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Judge orders stay in fight over Union Beach wind turbine 

Credit:  By Ryan Fennell, The Two River Times, www.tworivertimes.com 29 April 2011 ~~

UNION BEACH – The fight over whether or not the Bayshore Regional Sewerage Authority can construct a 1.5-megawatt, 262-foot high wind turbine at its facility in Union Beach has reached a temporary standstill.

The BRSA was scheduled to be heard before the Union Beach Planning Board this past Tuesday, however, the hearing was canceled on Monday after a New Jersey Appellate Court judge granted a stay on the order from a trial court judge on April 1 that the hearing take place.

The stay is subject to review by one or more Appellate Court judges.

Discussions between the BRSA and the Union Beach Borough Council began in December 2008. Since then, the BRSA contends that they have held proper and sufficient public hearings on the proposed project while the borough council has charged that he hearings lacked adequate transparency. In 2009 the borough adopted an ordinance that would limit and restrict wind turbines within the borough. In May 2010, Monmouth County Superior Court Judge John R. Tassini issued an order enjoining the Borough of Union Beach, “from enforcing or taking any action under its ordinance regarding the permitting, installation, construction, or prohibition” of the BRSA wind turbine project. Therefore, in August 2010, the BRSA filed an application with the Union Beach Planning Board to subdivide a portion of property owned by its neighbor, JCP&L because the blades of the turbine, which reach 380-feet at peak height, would exceed the BRSA property line.

Since May 2010, the Union Beach Borough Council has been openly and publicly opposed to the construction of the wind turbine.

The BRSA reached an agreement with JCP&L to acquire a crescent-shaped parcel of land from the JCP&L property that equaled approximately .5 acres.

BRSA proposed consolidating the parcel into its property to the planning board.

The planning board denied the application on the grounds that the BRSA needed to apply for a ‘d’ variance due to a conflict of zoning and did not do so in its application.

The planning board determined that the JCP&L property was located in a Heavy Industrial Zone while the BRSA property was located in a Residential Zone and a subdivision would “create a split zone property, which is not desirable.”

The planning board believed that the application should be heard before the zoning board and dismissed the application.

In January 2011, the BRSA filed suit against the Union Beach Planning Board and on April 1, 2011, a trial court judge ruled that the planning board was mistaken in its assessment and remanded the case to the planning board.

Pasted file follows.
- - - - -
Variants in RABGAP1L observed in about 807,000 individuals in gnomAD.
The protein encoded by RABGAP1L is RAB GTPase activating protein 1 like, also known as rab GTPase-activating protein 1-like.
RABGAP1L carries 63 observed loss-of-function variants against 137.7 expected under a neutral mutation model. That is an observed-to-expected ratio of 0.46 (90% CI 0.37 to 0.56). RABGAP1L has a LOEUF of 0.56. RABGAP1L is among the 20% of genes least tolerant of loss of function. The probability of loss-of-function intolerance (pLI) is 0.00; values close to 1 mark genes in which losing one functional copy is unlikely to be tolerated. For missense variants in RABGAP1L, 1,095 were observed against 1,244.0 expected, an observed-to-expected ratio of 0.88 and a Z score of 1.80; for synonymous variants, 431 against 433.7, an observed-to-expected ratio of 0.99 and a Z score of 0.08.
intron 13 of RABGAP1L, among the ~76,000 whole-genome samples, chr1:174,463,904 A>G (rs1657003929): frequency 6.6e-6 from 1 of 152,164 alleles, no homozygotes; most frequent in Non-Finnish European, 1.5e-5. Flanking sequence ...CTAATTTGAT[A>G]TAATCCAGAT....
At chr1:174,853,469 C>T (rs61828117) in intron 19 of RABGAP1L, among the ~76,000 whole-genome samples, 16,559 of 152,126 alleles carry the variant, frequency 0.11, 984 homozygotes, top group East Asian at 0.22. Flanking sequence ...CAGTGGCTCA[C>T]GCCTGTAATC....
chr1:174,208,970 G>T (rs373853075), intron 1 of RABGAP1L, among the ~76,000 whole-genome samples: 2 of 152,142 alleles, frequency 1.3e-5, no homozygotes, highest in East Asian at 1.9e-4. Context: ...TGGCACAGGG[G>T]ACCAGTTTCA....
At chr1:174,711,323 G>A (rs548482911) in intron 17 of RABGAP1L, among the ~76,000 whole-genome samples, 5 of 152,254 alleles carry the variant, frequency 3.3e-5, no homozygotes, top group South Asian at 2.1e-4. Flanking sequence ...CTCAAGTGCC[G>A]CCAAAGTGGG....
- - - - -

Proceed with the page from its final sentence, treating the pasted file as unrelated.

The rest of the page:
The trial court found that the zoning map was in error and that both properties were located in the same zone according to the attorney representing Union Beach, Stuart Lieberman of Lieberman & Blecher.

“After the (April 1) decision we asked for an injunction from the Appellate court and part of that relief was to stay the hearing before the planning board,” Lieberman said.

“So far we’ve gotten a stay from one judge. That is subject to review by the full panel.”

“Once that is done they can either continue the stay until the appeal is concluded or dissolve the stay and allow the planning board hearing to go forward,” Lieberman added.

Lieberman noted that there are a myriad of possibilities that could be forthcoming as part of the Appellate Court review but that continuing the stay or dissolving the stay are the most straightforward.

“So far we’ve been granted a stay, putting everything on hold while they review it,” Lieberman said. “The issue right now is whether the stay will continue.”

Source:  By Ryan Fennell, The Two River Times, www.tworivertimes.com 29 April 2011

This article is the work of the source indicated. Any opinions expressed in it are not necessarily those of National Wind Watch.

The copyright of this article resides with the author or publisher indicated. As part of its noncommercial educational effort to present the environmental, social, scientific, and economic issues of large-scale wind power development to a global audience seeking such information, National Wind Watch endeavors to observe “fair use” as provided for in section 107 of U.S. Copyright Law and similar “fair dealing” provisions of the copyright laws of other nations. Send requests to excerpt, general inquiries, and comments via e-mail.

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